Sikkema Jenkins & Co.


What Does It Mean to Be a Grown-Up Painter?

by John Yau on February 22, 2015

Merlin James,

Isn’t it time we begin putting things in perspective?

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Post image for Beer with a Painter: Josephine Halvorson

Josephine Halvorson and I met on a late winter day when the chill was starting to melt, and talked over omelettes at the window of the Red Cat in Chelsea. It was early on a weekday, the restaurant felt quietly elegant, the light outdoors mellowed by cloud cover. As Halvorson noted, even the potatoes in our omelettes were perfectly soft.

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Post image for Forensic Observer: The Recent Paintings of Josephine Halvorson

Josephine Halvorson transcribes the anonymous, weather-beaten traces left by those who might otherwise have left no other mark of their existence behind.

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Post image for Parallel Strains: Arlene Shechet’s Ceramic Abstractions

Brimming with knockabout energy, Arlene Shechet’s polymorphous clay sculptures at Sikkema Jenkins — exuberantly colored columns, clumps and sacks of glazed ceramic — feel almost illegitimate in their sensuality and humor, a reaction that immediately calls into question why a word like “illegitimate” would spring to mind in the first place.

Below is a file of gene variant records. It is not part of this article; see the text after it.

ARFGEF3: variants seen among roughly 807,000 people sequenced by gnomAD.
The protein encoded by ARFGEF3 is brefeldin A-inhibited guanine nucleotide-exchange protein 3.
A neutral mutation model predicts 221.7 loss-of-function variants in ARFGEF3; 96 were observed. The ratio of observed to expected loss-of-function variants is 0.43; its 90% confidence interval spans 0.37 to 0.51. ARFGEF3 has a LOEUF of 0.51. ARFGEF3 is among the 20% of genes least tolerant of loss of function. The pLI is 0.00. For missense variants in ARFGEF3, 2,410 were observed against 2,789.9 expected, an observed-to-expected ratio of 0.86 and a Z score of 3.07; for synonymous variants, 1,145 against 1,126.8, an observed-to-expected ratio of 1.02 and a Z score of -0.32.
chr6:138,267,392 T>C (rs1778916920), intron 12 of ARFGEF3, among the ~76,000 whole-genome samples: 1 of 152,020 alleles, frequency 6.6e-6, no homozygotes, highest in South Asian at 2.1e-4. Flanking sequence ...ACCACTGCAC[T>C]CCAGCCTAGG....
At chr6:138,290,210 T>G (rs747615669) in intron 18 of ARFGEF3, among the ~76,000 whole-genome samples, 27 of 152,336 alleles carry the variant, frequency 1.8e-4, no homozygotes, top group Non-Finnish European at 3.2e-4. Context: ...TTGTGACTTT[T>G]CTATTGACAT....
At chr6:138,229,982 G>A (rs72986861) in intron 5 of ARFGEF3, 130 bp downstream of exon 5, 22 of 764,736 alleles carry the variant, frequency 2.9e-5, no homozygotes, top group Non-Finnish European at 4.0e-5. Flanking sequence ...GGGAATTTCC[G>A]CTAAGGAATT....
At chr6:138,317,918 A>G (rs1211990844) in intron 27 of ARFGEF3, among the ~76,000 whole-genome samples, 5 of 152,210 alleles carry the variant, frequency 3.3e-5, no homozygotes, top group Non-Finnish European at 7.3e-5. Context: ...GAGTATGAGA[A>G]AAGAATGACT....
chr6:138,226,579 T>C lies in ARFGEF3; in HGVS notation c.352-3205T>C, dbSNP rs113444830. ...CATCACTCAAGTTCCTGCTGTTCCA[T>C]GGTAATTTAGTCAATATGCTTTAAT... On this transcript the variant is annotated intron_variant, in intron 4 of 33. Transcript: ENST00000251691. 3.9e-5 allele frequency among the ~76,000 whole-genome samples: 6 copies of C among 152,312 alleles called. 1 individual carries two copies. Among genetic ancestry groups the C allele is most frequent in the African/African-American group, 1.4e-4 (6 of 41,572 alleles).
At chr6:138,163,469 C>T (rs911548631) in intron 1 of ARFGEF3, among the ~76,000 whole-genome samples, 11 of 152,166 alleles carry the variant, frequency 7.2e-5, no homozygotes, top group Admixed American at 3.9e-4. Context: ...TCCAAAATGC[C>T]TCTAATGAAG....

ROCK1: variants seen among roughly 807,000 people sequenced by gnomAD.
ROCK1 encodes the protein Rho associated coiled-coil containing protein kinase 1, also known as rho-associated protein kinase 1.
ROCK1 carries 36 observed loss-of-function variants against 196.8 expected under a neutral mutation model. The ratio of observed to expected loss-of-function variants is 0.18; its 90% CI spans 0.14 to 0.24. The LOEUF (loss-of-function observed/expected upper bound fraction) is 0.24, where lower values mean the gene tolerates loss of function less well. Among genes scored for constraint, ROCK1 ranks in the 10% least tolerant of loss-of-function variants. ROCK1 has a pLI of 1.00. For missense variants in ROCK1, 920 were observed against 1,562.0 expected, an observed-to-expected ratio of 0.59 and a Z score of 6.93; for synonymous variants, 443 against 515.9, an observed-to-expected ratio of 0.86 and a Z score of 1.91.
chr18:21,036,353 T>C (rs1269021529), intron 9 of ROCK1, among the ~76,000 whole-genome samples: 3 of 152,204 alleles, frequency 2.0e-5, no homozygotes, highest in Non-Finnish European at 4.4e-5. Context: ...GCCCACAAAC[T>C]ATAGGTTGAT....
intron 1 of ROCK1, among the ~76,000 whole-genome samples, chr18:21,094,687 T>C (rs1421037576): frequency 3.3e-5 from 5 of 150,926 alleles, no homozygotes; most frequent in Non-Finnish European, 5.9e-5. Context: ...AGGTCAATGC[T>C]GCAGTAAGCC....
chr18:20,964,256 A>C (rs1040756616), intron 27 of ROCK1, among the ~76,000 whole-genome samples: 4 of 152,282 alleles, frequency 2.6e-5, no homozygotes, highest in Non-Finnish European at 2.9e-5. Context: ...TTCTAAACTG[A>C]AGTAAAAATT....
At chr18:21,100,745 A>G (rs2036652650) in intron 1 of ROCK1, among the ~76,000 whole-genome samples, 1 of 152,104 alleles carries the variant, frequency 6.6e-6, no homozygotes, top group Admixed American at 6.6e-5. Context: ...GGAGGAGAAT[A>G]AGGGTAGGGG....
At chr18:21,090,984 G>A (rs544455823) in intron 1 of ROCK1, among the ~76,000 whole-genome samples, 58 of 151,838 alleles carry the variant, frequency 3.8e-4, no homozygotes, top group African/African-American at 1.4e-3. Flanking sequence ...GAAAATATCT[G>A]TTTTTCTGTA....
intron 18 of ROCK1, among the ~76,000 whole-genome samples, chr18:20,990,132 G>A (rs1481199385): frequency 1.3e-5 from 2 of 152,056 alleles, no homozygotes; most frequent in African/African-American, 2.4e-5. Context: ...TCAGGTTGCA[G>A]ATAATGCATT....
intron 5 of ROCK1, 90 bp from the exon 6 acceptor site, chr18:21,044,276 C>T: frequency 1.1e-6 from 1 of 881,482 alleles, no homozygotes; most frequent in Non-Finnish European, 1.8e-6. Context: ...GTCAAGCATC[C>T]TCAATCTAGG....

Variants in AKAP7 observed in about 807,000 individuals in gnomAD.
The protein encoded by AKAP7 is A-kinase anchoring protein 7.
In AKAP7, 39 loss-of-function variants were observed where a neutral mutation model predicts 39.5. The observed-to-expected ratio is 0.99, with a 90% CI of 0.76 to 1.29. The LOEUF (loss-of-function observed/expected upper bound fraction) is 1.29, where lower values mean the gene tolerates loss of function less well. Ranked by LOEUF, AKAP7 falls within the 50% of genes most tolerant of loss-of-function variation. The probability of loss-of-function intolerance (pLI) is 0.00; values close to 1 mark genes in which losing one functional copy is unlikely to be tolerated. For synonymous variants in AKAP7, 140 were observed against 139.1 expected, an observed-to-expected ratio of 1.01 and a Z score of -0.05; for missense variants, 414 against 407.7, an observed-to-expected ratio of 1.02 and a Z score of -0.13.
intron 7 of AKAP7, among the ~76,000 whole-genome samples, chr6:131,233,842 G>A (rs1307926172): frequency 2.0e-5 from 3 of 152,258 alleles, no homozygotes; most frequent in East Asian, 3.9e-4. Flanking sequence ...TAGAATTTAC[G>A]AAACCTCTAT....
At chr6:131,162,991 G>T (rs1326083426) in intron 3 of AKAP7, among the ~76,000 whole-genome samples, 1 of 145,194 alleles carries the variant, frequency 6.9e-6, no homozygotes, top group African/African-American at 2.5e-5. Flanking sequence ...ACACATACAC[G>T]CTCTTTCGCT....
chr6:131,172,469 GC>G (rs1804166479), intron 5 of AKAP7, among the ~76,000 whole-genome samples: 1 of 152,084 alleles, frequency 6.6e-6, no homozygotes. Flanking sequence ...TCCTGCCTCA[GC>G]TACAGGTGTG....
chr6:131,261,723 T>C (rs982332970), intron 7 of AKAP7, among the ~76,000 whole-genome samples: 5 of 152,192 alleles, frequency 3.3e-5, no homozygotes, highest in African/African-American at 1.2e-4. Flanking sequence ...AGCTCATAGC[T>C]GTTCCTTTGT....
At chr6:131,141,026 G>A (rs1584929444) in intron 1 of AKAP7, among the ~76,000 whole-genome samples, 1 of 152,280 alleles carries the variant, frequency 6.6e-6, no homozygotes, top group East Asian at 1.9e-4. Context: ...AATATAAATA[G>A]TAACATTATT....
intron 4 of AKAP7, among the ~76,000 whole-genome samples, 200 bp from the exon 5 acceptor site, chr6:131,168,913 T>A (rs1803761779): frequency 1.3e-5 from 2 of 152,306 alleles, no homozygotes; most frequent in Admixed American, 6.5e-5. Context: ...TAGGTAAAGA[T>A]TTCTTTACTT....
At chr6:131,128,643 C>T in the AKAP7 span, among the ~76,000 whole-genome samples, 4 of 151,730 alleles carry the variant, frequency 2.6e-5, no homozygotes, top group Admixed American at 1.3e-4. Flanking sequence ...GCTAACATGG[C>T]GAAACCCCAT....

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Post image for Worst.Press.Release.Ever: Word Salad

Every once in a while a sentence comes along and energizes us with its singular lack of meaning, the tinny sound made by so many letters, marched into so many words, all profaning the artworks they are meant to elevate.

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Post image for Is Mark Bradford the Best Painter in America?

I didn’t expect to write about the new show from Mark Bradford, who has been called by Guy Trebay of The New York Times “if not the best painter working in America today then certainly the tallest,” when I walked into Sikkema Jenkins on Tuesday morning. Despite the whimsy of Trebay’s “best/tallest” assertions, a credible case can be made for the former.

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